Happy as a pig in a bun….
BLOSSOM is exploding all over Wiltshire at the moment with magnolia flowers and cherry blossoms bursting out from the branches and woodland floors being smothered in bluebells. It is truly stunning.
For a cook it is an exciting time of year as lots of spring produce is now available; asparagus, purple sprouting broccoli, nettles, rhubarb and my favourite….wild garlic. If you are out and about in the UK or Ireland, sniff the air and see if you can get a waft of the sweet, aromatic, tender young leaves. Often found in damp broadleaf woods with dappled light, this taste sensation is best eaten before it flowers and gets slightly tougher. I have found patches in Dorset, Wiltshire, London, Edinburgh and Dublin, the exact locations of which I keep secret as if I had found a precious patch of white truffles.
Wild garlic can be wilted down in a little butter or olive oil and added to soups, stews, as a side dish, pasta, risotto, or even folded through scrambled eggs.
1. Disregard any advice your parents gave you and stray as far from the path as you can as you never know who or what has heeded the call of nature along its way…
2. Wash very thoroughly before use
3. Only take what you are going to eat
4. Be sure you know what you are foraging, ( the only other plant that wild garlic looks like is Lily of the Valley which won’t do you any good, so be careful!)
This week, as I was in Wiltshire, I wanted to cook a good hunk of pork. Pigs have been farmed in the area for centuries and delicious products like Wiltshire baked hams, really good bacon and the truly delicious lardy cake (a spiced fruity bread laced with pork fat and sugar) are easily found.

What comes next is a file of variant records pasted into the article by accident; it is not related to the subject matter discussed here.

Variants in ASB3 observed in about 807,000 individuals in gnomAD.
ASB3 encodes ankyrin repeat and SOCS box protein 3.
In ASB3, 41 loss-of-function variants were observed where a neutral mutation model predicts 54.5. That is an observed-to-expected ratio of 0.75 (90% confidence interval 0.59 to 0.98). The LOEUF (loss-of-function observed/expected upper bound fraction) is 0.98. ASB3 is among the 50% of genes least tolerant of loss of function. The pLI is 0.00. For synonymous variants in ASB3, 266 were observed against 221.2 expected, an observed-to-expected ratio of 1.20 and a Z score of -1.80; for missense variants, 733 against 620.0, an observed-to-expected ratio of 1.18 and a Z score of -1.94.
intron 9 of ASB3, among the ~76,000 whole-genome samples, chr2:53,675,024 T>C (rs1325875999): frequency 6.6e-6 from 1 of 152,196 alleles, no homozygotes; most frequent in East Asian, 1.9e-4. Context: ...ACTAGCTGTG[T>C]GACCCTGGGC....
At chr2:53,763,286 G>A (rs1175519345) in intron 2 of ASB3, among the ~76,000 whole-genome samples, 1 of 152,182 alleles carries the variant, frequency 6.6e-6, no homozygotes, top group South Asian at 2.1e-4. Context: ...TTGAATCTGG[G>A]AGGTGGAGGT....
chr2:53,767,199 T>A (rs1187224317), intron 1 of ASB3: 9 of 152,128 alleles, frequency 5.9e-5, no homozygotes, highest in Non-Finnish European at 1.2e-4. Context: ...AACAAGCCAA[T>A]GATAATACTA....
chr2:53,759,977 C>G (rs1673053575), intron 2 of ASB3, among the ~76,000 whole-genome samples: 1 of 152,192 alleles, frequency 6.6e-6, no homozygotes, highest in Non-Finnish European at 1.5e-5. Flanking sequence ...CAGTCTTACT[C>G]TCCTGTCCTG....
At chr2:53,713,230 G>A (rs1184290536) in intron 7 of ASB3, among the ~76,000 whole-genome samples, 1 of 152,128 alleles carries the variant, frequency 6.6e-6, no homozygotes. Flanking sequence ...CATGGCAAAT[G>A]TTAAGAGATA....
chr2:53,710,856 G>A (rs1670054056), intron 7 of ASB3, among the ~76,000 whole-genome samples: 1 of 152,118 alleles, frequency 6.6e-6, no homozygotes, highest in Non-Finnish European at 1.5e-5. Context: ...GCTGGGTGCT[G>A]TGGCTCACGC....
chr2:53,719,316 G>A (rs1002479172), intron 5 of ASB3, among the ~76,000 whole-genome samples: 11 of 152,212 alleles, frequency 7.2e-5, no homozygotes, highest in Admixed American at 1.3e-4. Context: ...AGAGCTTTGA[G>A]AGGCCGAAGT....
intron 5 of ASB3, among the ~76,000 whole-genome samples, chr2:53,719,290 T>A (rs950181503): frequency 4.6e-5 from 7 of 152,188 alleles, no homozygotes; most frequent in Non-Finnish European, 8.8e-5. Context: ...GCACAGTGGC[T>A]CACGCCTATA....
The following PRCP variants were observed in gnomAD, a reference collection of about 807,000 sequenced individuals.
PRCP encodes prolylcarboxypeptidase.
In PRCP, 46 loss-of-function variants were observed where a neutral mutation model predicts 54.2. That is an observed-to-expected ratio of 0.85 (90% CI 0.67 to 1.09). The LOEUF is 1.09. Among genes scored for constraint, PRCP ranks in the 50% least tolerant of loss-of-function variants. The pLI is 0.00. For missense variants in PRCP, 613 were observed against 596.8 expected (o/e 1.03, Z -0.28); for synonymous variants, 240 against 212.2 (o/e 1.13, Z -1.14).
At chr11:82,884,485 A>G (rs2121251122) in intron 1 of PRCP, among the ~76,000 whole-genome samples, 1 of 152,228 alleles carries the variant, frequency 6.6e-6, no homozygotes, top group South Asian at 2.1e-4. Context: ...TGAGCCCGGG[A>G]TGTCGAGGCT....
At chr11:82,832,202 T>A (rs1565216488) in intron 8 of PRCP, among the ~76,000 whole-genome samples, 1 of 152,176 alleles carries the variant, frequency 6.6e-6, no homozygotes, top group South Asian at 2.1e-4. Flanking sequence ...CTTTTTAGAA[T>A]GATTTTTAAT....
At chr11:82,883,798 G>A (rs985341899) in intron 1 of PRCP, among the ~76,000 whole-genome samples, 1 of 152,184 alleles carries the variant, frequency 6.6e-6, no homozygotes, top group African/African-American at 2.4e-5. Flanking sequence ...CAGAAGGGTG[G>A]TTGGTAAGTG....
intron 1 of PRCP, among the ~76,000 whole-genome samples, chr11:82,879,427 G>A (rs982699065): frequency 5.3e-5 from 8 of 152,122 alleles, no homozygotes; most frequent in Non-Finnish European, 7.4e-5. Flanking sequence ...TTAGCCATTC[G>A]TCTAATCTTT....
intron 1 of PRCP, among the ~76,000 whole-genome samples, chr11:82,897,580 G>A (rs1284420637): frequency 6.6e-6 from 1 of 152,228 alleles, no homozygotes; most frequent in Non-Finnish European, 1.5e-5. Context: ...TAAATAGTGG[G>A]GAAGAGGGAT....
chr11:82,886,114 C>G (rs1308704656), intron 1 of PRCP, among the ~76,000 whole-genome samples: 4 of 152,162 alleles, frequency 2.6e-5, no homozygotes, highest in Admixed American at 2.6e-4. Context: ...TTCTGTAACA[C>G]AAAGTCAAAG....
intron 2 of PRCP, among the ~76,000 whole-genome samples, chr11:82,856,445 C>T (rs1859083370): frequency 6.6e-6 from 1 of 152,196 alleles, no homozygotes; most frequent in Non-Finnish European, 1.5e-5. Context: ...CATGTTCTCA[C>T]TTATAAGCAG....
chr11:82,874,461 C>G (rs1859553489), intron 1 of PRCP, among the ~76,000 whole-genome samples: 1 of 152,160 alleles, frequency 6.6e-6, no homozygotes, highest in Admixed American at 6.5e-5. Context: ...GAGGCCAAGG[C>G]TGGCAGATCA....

The joint for Sunday lunch was to be a shoulder of Gloucester Old Spot pig bought from the local farm shop in Stourhead. This cut can be roasted but I think that it is best slowly cooked until tender and then can be pulled apart. I remove the skin before cooking (leaving what fat there is on the shoulder) and cook it separately for crackling perfection.
When slowly cooking meat it is worth really thinking about what flavours you want to add while cooking as you will get lots of juices at the end. I decided on apple, fennel, rhubarb and white wine. Served stuffed inside a ciabatta and with a radish and rhubarb salad it made a scrumptious Sunday lunch especially with the sun shining and a chilled glass of flinty Chenin Blanc.
2 thin sticks of young rhubarb
10 red radishes
4 sticks celery
handful of mint
handful of parsley
2 tbs mayonnaise
2 tbs olive oil
juice and zest of 1 lemon
1 tub of cress
Mix in a bowl the mayonnaise, olive oil, zest and juice of the lemon. Season with salt and pepper. Thinly slice the rhubarb, celery, apple and radish and add to the mayonnaise. Add the parsley, mint and cress and mix well.
For the slow roast pork and other recipes and to keep up with Philippa’s travels, visit www.philippadavis.com